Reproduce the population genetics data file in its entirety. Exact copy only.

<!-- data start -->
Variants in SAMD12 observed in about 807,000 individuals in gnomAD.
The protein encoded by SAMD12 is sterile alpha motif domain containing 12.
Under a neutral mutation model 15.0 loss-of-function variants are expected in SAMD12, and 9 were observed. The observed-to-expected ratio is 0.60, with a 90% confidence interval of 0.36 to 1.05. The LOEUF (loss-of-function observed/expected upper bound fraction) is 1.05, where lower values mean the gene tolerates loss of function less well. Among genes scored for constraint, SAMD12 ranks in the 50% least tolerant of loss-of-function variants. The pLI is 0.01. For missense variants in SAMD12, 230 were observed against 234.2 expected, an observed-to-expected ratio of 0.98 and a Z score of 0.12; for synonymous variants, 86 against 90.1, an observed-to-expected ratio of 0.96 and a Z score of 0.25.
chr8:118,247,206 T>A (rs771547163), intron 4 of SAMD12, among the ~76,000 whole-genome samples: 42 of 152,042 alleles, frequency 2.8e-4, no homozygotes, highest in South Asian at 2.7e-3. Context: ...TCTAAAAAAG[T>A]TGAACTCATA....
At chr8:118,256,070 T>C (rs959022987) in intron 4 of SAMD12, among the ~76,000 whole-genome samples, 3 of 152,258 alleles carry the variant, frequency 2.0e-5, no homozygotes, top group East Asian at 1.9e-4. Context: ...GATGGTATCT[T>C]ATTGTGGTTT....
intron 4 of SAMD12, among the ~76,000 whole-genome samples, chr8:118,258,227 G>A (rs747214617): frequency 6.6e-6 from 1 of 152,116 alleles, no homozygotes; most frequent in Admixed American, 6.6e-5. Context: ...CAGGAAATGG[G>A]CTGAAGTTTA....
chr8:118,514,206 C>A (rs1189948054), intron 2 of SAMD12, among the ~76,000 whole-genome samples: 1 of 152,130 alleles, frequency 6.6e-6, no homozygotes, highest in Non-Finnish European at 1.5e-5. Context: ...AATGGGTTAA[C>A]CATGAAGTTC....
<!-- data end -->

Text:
Variants in SAMD12 observed in about 807,000 individuals in gnomAD.
The protein encoded by SAMD12 is sterile alpha motif domain containing 12.
Under a neutral mutation model 15.0 loss-of-function variants are expected in SAMD12, and 9 were observed. The observed-to-expected ratio is 0.60, with a 90% confidence interval of 0.36 to 1.05. The LOEUF (loss-of-function observed/expected upper bound fraction) is 1.05, where lower values mean the gene tolerates loss of function less well. Among genes scored for constraint, SAMD12 ranks in the 50% least tolerant of loss-of-function variants. The pLI is 0.01. For missense variants in SAMD12, 230 were observed against 234.2 expected, an observed-to-expected ratio of 0.98 and a Z score of 0.12; for synonymous variants, 86 against 90.1, an observed-to-expected ratio of 0.96 and a Z score of 0.25.
chr8:118,247,206 T>A (rs771547163), intron 4 of SAMD12, among the ~76,000 whole-genome samples: 42 of 152,042 alleles, frequency 2.8e-4, no homozygotes, highest in South Asian at 2.7e-3. Context: ...TCTAAAAAAG[T>A]TGAACTCATA....
At chr8:118,256,070 T>C (rs959022987) in intron 4 of SAMD12, among the ~76,000 whole-genome samples, 3 of 152,258 alleles carry the variant, frequency 2.0e-5, no homozygotes, top group East Asian at 1.9e-4. Context: ...GATGGTATCT[T>C]ATTGTGGTTT....
intron 4 of SAMD12, among the ~76,000 whole-genome samples, chr8:118,258,227 G>A (rs747214617): frequency 6.6e-6 from 1 of 152,116 alleles, no homozygotes; most frequent in Admixed American, 6.6e-5. Context: ...CAGGAAATGG[G>A]CTGAAGTTTA....
chr8:118,514,206 C>A (rs1189948054), intron 2 of SAMD12, among the ~76,000 whole-genome samples: 1 of 152,130 alleles, frequency 6.6e-6, no homozygotes, highest in Non-Finnish European at 1.5e-5. Context: ...AATGGGTTAA[C>A]CATGAAGTTC....